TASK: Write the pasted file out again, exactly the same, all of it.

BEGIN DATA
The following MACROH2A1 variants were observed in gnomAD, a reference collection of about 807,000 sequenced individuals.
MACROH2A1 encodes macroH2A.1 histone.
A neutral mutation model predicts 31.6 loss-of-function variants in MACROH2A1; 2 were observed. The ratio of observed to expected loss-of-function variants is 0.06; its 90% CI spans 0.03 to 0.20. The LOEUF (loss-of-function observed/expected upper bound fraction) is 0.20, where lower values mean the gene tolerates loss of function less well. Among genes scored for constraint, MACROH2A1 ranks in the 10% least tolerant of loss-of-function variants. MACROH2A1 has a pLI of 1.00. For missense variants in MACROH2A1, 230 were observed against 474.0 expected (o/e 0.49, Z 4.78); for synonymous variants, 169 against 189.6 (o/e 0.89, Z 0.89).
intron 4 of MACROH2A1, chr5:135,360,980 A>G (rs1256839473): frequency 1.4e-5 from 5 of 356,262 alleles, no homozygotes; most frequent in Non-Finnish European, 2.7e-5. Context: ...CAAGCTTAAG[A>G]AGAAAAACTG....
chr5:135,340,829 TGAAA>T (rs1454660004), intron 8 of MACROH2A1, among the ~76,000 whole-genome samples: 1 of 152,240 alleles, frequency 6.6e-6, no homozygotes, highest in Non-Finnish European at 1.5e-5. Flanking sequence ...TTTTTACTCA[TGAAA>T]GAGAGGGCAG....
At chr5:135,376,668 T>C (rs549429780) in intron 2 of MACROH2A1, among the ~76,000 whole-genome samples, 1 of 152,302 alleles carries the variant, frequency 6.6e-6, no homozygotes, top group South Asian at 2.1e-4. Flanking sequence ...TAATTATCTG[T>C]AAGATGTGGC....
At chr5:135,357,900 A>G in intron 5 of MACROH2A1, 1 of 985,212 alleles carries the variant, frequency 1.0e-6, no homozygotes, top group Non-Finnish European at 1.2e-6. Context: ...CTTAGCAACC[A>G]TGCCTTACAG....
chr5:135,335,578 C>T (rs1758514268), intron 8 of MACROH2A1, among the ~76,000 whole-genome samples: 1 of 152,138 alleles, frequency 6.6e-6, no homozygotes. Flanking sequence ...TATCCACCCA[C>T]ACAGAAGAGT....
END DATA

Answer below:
The following MACROH2A1 variants were observed in gnomAD, a reference collection of about 807,000 sequenced individuals.
MACROH2A1 encodes macroH2A.1 histone.
A neutral mutation model predicts 31.6 loss-of-function variants in MACROH2A1; 2 were observed. The ratio of observed to expected loss-of-function variants is 0.06; its 90% CI spans 0.03 to 0.20. The LOEUF (loss-of-function observed/expected upper bound fraction) is 0.20, where lower values mean the gene tolerates loss of function less well. Among genes scored for constraint, MACROH2A1 ranks in the 10% least tolerant of loss-of-function variants. MACROH2A1 has a pLI of 1.00. For missense variants in MACROH2A1, 230 were observed against 474.0 expected (o/e 0.49, Z 4.78); for synonymous variants, 169 against 189.6 (o/e 0.89, Z 0.89).
intron 4 of MACROH2A1, chr5:135,360,980 A>G (rs1256839473): frequency 1.4e-5 from 5 of 356,262 alleles, no homozygotes; most frequent in Non-Finnish European, 2.7e-5. Context: ...CAAGCTTAAG[A>G]AGAAAAACTG....
chr5:135,340,829 TGAAA>T (rs1454660004), intron 8 of MACROH2A1, among the ~76,000 whole-genome samples: 1 of 152,240 alleles, frequency 6.6e-6, no homozygotes, highest in Non-Finnish European at 1.5e-5. Flanking sequence ...TTTTTACTCA[TGAAA>T]GAGAGGGCAG....
At chr5:135,376,668 T>C (rs549429780) in intron 2 of MACROH2A1, among the ~76,000 whole-genome samples, 1 of 152,302 alleles carries the variant, frequency 6.6e-6, no homozygotes, top group South Asian at 2.1e-4. Flanking sequence ...TAATTATCTG[T>C]AAGATGTGGC....
At chr5:135,357,900 A>G in intron 5 of MACROH2A1, 1 of 985,212 alleles carries the variant, frequency 1.0e-6, no homozygotes, top group Non-Finnish European at 1.2e-6. Context: ...CTTAGCAACC[A>G]TGCCTTACAG....
chr5:135,335,578 C>T (rs1758514268), intron 8 of MACROH2A1, among the ~76,000 whole-genome samples: 1 of 152,138 alleles, frequency 6.6e-6, no homozygotes. Flanking sequence ...TATCCACCCA[C>T]ACAGAAGAGT....